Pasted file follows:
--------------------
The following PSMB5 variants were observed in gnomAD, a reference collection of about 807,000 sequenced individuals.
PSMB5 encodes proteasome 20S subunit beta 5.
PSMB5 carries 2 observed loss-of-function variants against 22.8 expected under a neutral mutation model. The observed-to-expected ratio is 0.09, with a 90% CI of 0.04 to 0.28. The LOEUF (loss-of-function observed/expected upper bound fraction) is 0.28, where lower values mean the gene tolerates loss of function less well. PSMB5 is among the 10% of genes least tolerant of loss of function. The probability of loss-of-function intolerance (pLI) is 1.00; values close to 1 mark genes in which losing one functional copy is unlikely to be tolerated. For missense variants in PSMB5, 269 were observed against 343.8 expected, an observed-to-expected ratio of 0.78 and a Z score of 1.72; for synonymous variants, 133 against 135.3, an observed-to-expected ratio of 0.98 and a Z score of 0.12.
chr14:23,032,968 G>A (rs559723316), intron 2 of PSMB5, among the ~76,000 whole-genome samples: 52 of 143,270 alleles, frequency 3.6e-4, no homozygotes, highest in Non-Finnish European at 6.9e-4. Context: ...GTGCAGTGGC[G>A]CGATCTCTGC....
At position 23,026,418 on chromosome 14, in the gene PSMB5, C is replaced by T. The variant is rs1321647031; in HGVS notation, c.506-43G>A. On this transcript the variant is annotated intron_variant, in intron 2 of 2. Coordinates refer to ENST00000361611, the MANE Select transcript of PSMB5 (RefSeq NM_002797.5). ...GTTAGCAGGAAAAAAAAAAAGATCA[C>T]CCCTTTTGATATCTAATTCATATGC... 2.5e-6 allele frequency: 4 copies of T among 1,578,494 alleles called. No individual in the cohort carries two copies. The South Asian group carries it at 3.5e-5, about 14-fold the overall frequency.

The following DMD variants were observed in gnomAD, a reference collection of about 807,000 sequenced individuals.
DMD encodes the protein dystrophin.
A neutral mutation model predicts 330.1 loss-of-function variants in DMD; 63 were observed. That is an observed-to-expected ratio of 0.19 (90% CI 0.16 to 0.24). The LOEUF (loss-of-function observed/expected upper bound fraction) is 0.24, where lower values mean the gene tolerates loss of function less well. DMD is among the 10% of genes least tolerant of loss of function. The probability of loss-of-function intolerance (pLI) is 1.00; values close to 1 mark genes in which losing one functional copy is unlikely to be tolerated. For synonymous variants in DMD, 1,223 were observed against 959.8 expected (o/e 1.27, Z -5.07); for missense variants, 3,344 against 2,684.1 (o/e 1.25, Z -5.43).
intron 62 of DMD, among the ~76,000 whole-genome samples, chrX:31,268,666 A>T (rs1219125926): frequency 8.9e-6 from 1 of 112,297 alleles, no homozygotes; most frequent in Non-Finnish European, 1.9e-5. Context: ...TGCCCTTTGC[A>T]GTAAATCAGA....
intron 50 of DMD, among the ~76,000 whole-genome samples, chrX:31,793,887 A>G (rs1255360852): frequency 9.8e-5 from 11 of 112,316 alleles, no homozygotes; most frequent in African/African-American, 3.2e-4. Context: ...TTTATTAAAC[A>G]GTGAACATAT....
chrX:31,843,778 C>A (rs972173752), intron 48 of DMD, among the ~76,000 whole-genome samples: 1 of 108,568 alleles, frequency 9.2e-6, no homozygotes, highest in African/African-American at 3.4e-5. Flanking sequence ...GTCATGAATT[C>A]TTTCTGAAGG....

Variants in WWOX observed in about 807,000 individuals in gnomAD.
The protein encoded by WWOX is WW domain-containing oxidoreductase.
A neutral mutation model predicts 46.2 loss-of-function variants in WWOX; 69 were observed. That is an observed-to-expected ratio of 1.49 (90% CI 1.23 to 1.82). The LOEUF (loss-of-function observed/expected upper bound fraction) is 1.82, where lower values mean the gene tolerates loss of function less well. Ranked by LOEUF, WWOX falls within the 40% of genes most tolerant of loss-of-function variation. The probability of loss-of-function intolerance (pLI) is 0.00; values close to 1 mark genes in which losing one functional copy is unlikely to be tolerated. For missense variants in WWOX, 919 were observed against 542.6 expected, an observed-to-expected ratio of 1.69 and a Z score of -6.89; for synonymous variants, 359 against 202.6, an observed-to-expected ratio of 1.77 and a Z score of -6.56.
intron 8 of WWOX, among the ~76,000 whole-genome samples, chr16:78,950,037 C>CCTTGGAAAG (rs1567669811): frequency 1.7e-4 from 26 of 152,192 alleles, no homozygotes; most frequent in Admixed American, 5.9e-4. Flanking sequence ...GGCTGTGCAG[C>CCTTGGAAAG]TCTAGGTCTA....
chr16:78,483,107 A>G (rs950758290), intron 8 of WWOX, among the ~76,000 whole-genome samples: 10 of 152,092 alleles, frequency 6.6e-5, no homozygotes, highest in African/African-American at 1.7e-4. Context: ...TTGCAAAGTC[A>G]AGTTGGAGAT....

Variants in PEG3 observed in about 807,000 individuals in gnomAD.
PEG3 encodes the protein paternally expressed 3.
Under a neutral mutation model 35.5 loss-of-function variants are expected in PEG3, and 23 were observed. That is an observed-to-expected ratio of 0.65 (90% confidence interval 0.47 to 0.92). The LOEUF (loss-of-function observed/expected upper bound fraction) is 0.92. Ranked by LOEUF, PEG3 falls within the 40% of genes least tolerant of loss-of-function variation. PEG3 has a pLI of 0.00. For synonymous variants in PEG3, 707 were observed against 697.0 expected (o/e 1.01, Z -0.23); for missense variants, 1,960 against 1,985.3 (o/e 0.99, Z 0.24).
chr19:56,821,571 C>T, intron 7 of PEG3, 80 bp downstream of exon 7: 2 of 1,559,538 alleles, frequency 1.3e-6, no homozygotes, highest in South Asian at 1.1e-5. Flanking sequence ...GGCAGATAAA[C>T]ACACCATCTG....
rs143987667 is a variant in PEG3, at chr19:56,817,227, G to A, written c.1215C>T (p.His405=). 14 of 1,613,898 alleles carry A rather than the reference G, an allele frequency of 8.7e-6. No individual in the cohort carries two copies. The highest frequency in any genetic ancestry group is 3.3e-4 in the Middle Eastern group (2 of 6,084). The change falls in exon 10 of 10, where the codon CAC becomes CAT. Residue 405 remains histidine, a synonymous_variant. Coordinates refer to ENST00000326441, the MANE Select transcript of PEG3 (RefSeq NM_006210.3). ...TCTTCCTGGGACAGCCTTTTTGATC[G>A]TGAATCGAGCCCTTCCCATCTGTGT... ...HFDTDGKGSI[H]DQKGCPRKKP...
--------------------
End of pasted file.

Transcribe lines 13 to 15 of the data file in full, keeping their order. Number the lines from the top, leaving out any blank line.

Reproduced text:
The protein encoded by WWOX is WW domain-containing oxidoreductase.
A neutral mutation model predicts 46.2 loss-of-function variants in WWOX; 69 were observed. That is an observed-to-expected ratio of 1.49 (90% CI 1.23 to 1.82). The LOEUF (loss-of-function observed/expected upper bound fraction) is 1.82, where lower values mean the gene tolerates loss of function less well. Ranked by LOEUF, WWOX falls within the 40% of genes most tolerant of loss-of-function variation. The probability of loss-of-function intolerance (pLI) is 0.00; values close to 1 mark genes in which losing one functional copy is unlikely to be tolerated. For missense variants in WWOX, 919 were observed against 542.6 expected, an observed-to-expected ratio of 1.69 and a Z score of -6.89; for synonymous variants, 359 against 202.6, an observed-to-expected ratio of 1.77 and a Z score of -6.56.
intron 8 of WWOX, among the ~76,000 whole-genome samples, chr16:78,950,037 C>CCTTGGAAAG (rs1567669811): frequency 1.7e-4 from 26 of 152,192 alleles, no homozygotes; most frequent in Admixed American, 5.9e-4. Flanking sequence ...GGCTGTGCAG[C>CCTTGGAAAG]TCTAGGTCTA....